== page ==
High teas, screenings and ‘total apathy’: how Australia is marking King Charles’s coronation

<span>Photograph: Ben Stansall/AFP/Getty Images</span>
Photograph: Ben Stansall/AFP/Getty Images

On the night of King Charles III’s coronation, the co-chair of the Australian Republican Movement is planning to watch some classic British comedy.

Craig Foster even has the movie picked out: Monty Python and the Holy Grail.

Australian Monarchist League’s Eric Abetz has different plans for Saturday – the former politician will be watching a live screening of the Westminster Abbey ceremony at a $120-a-head cocktail event alongside Nationals senator Bridget McKenzie.

Related: What coronation? Many Australians don’t know when it’s on and few seem inclined to recite the oath

Thousands of kilometres away in London, people began camping out on Wednesday to secure a spot for Saturday’s coronation procession. Thousands are expected to line the streets, and thousands more across the UK will take part in coronation “big lunches” and other ceremonies.

The prime minister, Anthony Albanese, is in London for the coronation, and has said he plans to swear allegiance to the king, despite being a “lifelong republican”. He’ll be joined by fellow Australians including rocker legend Nick Cave and Matildas captain Sam Kerr.

In Australia, some buildings will be bathed in a purple light and there’ll be a 21-gun salute.

That’s the extent of the federal, formal celebrations, but other organisations are holding events. The AML has a range of shindigs planned and some councils are hosting live-streaming events of the coronation. A parkrun will be held in Adelaide, with participants asked to wear tiaras or crowns, and a range of kitschy high teas have been scheduled.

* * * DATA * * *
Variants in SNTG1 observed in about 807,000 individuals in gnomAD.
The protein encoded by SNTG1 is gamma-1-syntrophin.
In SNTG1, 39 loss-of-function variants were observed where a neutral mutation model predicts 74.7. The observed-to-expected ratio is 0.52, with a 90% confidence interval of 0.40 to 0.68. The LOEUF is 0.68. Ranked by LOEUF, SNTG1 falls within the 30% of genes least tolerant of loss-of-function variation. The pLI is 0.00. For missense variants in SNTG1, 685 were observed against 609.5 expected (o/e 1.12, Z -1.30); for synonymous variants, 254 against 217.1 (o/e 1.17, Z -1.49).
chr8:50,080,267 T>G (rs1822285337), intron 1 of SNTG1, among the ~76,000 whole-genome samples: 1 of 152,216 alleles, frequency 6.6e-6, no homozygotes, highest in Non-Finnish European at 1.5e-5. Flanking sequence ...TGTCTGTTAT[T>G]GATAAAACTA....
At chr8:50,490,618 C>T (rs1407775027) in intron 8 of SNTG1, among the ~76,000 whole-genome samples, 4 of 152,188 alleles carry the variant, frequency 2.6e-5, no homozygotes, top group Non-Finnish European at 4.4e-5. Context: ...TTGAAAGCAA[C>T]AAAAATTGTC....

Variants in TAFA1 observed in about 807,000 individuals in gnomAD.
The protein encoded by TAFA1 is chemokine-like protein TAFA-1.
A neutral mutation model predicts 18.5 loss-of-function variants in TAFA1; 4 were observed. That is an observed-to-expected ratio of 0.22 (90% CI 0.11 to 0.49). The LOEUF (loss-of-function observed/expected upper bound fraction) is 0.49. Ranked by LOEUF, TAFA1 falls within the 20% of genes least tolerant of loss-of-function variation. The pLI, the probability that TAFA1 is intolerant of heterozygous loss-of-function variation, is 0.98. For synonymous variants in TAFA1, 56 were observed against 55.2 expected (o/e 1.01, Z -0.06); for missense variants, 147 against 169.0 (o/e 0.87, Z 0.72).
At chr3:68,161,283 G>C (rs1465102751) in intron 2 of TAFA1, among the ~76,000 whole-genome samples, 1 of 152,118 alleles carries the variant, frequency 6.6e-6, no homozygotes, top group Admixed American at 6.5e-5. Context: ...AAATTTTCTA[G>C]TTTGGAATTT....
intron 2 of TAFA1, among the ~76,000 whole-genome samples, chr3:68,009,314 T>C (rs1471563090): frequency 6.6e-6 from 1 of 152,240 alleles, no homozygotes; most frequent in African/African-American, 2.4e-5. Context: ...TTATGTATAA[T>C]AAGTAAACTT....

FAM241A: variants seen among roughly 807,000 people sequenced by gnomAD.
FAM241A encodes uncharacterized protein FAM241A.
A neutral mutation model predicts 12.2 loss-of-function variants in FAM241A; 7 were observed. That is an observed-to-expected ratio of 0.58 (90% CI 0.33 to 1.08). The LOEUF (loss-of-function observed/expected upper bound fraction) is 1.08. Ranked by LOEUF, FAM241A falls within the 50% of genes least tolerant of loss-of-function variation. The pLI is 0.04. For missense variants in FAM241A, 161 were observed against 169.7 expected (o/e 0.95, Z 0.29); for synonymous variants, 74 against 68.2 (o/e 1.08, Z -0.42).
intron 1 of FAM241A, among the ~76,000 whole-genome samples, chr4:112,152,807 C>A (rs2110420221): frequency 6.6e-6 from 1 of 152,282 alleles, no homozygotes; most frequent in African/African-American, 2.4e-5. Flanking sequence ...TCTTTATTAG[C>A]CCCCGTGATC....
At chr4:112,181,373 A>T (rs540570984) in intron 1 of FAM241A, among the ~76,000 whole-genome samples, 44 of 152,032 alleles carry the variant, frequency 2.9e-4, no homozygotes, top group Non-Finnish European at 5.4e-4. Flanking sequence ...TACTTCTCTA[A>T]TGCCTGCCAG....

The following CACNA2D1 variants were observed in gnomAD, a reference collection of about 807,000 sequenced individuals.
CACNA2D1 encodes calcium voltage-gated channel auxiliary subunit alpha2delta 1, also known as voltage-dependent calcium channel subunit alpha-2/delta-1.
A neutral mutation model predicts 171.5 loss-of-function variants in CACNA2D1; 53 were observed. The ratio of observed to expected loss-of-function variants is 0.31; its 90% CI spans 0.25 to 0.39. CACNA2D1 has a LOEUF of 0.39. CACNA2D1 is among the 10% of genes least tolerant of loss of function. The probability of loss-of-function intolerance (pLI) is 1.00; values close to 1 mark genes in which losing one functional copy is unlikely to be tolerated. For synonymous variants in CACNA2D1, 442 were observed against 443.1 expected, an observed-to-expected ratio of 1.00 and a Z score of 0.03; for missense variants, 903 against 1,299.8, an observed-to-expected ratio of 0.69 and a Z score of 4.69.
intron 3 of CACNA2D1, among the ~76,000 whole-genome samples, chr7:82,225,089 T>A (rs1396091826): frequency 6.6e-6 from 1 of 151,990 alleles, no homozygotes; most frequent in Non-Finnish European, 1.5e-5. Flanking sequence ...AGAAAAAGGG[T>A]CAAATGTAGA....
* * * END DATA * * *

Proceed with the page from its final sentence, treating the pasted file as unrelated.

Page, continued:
The monarchists are disappointed there aren’t more official government events, with the AML chair, Philip Benwell, telling AAP he was sure that “huge numbers” would watch the coronation on the television.

“We know that there are a lot of people who are inviting friends around to their homes to watch,” he says. “Most people would not have seen a coronation or viewed one.”

Related: King’s coronation: who’s on the guest list and who isn’t (and why)

But Foster says the lack of federal coronation events “just demonstrates the total apathy that Australia has for the monarchy and the construct of royalty in 2023”.

“The sheer absurdity of the proposition that someone is born into a family then anointed by God to be our ruler.”

Foster says Albanese swearing allegiance to the crown while also pushing for the voice to parliament was irreconcilable.

“The great irony is … we’re experiencing national angst and psychological trauma in trying to deal with the complexity of our history, and the almost entirety of that history that we’re yet to reconcile was created by the crown,” he says.

Foster quotes a scene from the Monty Python movie he plans to watch to sum up his thoughts on the royals.

In the scene, King Arthur declares to peasants that he is their king, to which they reply that they didn’t vote for him. King Arthur tells them that he became king after the Lady of the Lake handed him a sword, to which Dennis the peasant replies:

“Listen. Strange women lying in ponds distributing swords is no basis for a system of government. Supreme executive power derives from a mandate from the masses, not from some farcical aquatic ceremony.”